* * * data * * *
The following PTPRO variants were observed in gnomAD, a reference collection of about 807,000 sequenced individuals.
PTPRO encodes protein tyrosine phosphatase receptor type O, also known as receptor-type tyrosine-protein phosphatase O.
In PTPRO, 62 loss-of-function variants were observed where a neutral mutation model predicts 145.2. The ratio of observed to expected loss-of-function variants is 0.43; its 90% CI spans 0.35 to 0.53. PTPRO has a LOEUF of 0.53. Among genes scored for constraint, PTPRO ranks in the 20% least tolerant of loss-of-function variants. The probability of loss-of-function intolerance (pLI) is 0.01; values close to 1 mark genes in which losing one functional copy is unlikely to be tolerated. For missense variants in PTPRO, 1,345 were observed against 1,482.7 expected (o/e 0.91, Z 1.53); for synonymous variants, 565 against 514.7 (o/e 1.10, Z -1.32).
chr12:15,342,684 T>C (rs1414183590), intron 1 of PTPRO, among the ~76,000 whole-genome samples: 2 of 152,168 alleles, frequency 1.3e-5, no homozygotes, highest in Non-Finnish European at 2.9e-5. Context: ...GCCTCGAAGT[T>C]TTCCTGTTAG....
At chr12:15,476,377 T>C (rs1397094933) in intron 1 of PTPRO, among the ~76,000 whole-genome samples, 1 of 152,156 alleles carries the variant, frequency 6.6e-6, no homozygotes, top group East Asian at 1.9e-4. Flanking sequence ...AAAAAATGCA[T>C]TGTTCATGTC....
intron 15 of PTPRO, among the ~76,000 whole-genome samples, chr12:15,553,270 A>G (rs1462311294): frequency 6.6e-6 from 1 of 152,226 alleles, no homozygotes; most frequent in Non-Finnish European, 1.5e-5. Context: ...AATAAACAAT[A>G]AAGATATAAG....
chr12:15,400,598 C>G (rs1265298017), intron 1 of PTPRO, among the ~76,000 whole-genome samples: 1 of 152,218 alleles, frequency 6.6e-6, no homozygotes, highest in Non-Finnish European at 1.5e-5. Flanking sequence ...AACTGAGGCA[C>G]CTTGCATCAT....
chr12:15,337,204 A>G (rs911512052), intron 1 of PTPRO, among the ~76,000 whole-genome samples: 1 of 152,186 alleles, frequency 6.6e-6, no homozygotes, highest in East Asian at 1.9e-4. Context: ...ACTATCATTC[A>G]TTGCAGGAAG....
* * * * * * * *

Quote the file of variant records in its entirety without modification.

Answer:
The following PTPRO variants were observed in gnomAD, a reference collection of about 807,000 sequenced individuals.
PTPRO encodes protein tyrosine phosphatase receptor type O, also known as receptor-type tyrosine-protein phosphatase O.
In PTPRO, 62 loss-of-function variants were observed where a neutral mutation model predicts 145.2. The ratio of observed to expected loss-of-function variants is 0.43; its 90% CI spans 0.35 to 0.53. PTPRO has a LOEUF of 0.53. Among genes scored for constraint, PTPRO ranks in the 20% least tolerant of loss-of-function variants. The probability of loss-of-function intolerance (pLI) is 0.01; values close to 1 mark genes in which losing one functional copy is unlikely to be tolerated. For missense variants in PTPRO, 1,345 were observed against 1,482.7 expected (o/e 0.91, Z 1.53); for synonymous variants, 565 against 514.7 (o/e 1.10, Z -1.32).
chr12:15,342,684 T>C (rs1414183590), intron 1 of PTPRO, among the ~76,000 whole-genome samples: 2 of 152,168 alleles, frequency 1.3e-5, no homozygotes, highest in Non-Finnish European at 2.9e-5. Context: ...GCCTCGAAGT[T>C]TTCCTGTTAG....
At chr12:15,476,377 T>C (rs1397094933) in intron 1 of PTPRO, among the ~76,000 whole-genome samples, 1 of 152,156 alleles carries the variant, frequency 6.6e-6, no homozygotes, top group East Asian at 1.9e-4. Flanking sequence ...AAAAAATGCA[T>C]TGTTCATGTC....
intron 15 of PTPRO, among the ~76,000 whole-genome samples, chr12:15,553,270 A>G (rs1462311294): frequency 6.6e-6 from 1 of 152,226 alleles, no homozygotes; most frequent in Non-Finnish European, 1.5e-5. Context: ...AATAAACAAT[A>G]AAGATATAAG....
chr12:15,400,598 C>G (rs1265298017), intron 1 of PTPRO, among the ~76,000 whole-genome samples: 1 of 152,218 alleles, frequency 6.6e-6, no homozygotes, highest in Non-Finnish European at 1.5e-5. Flanking sequence ...AACTGAGGCA[C>G]CTTGCATCAT....
chr12:15,337,204 A>G (rs911512052), intron 1 of PTPRO, among the ~76,000 whole-genome samples: 1 of 152,186 alleles, frequency 6.6e-6, no homozygotes, highest in East Asian at 1.9e-4. Context: ...ACTATCATTC[A>G]TTGCAGGAAG....